I have been participating in two online writing groups that are both helping me get into a groove with my writing. And a few days ago I had a Eureka moment and came to some great conclusions for my memoir. I share what this 💡 moment was.
The common writing advice is if you want to be a writer to keep writing. The idea being that you learn a lot by doing. This was advice I heard but let go in one ear and out the other (back when my ears were more functioning)! I was a busy advertising professional, graduate student and then I got struck down by daily chronic migraines and Fibromyalgia. I was hardly writing enough creatively to teach myself anything. And then when I was in the car accident that almost took my life and gave me a Traumatic Brain Injury suddenly I realized the importance of writing. And now over 5 years post injury I can say that I am finally writing enough to learn something from all that writing. Blogging and plodding away on my memoir are really helping me come into my own as a writer and FINALLY learn by doing because I’m finally DOING!
Recently I had a lightbulb moment that will help me shape what I write in my memoir. Until this moment I had been putting off chipping away at my outline. In one fell swoop of inspiration that hit me while I was finishing my morning cup of coffee I had a new title, subhead, mini-prologue/log line and I had mapped out an outline. I haven’t abandoned the basic structure of my previous outline but I’ve filled it with topics that answer those outline questions. I plan to repurpose sections of my previous attempt that fit within the outline and new perimeters. Editing it and providing transitions will certainly take as long as I have allotted because I am also writing plenty of new content.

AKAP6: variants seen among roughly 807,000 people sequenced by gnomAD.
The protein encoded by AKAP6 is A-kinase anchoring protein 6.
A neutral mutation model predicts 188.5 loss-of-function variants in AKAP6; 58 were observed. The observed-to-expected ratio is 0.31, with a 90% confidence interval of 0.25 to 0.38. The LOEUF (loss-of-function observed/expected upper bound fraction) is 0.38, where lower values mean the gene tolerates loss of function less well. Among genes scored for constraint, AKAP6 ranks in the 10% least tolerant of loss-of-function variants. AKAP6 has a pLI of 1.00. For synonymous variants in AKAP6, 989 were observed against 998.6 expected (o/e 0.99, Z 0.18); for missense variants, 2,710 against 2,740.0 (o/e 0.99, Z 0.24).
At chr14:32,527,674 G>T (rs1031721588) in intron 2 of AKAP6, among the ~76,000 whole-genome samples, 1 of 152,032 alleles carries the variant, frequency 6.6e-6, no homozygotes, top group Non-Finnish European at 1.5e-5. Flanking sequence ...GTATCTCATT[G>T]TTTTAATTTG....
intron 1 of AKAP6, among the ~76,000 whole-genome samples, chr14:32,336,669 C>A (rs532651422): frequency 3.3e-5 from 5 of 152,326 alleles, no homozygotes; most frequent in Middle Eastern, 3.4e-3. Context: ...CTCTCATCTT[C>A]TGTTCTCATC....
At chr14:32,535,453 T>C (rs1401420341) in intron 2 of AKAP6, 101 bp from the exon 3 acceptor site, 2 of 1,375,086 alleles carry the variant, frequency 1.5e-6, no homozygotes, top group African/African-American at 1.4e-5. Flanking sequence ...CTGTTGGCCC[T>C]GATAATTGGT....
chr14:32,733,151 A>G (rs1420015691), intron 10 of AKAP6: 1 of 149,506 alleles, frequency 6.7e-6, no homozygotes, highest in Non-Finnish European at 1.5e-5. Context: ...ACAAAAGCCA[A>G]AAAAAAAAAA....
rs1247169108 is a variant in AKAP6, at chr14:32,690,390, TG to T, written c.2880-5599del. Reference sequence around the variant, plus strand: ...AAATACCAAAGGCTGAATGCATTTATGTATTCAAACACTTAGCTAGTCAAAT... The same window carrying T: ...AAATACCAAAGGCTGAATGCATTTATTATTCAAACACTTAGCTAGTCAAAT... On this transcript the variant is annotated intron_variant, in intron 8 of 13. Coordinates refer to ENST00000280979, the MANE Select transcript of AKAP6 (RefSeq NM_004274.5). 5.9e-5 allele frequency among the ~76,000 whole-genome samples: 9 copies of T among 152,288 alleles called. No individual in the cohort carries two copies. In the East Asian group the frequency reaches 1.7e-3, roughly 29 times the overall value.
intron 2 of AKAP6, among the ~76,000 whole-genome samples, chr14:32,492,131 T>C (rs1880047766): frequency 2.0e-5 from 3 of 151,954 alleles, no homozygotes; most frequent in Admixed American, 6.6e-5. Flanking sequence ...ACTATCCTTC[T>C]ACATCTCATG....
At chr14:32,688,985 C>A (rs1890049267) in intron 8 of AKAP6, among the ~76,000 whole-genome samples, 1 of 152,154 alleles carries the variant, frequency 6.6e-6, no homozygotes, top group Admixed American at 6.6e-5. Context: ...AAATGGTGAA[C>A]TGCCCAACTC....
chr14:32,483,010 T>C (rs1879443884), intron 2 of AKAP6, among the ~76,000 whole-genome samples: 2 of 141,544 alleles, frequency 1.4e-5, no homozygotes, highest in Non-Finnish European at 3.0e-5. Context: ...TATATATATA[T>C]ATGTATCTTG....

The kicker is I’m not scared or daunted by this new scope and new amount of work. In fact I am energized by it! I think that’s key. If I was daunted then my memoir would almost certainly never be completed. However, I’m the girl that wrote 20-page research papers on her lunch hour for graduate school (I shudder at this thought now and I certainly don’t want to go back and read those papers… I apologize to my poor professors who did have to read them). (Pleases note: I did get good grades on those papers but I don’t condone my horrible tactics!) But also I’m not that same writer (or typist even) after my accident. My brain and fingers don’t move that fast. Thankfully creativity and inspiration still seem to be working the same way but the actual speediness of thought (and typing fingers) is much, much slower.
I have a memory of learning to walk again in transitional care after the hospital and saying to my physical therapist “I walk like a zombie!” He laughed and nodded and said “Yup!” with such a bright smile that I knew to be thankful for my zombie-walk. Later on as I continued to heal and add more movements to my abilities again I couldn’t help but compare myself again. This time I wasn’t comparing myself to a slow-footed, methodically paced zombie, I instead compared myself to a sloth (nature’s slow animal). I recalled seeing the cute animated movie “Zootopia” before the accident and there was a scene where sloths worked at the Department of Motor Vehicles (DMV) (check out this clip on YouTube, it will make you slow laugh!). Anyone who has stood in the long, soul-sucking lines at the DMV understands why it’s pretty funny to have slow sloths work at the DMV. (I apologize if you work at the DMV, but I think you know the reputation your workplace has!) Well, back to comparing myself to the sloth (sorry for the DMV tangent). One thing I have learned post TBI is that brain injury SLOWS YOU WAAAAAAAAY DOWN (I said that last phrase very slowly). So a slow sloth is really not that much of a leap of comparison for a TBI survivor.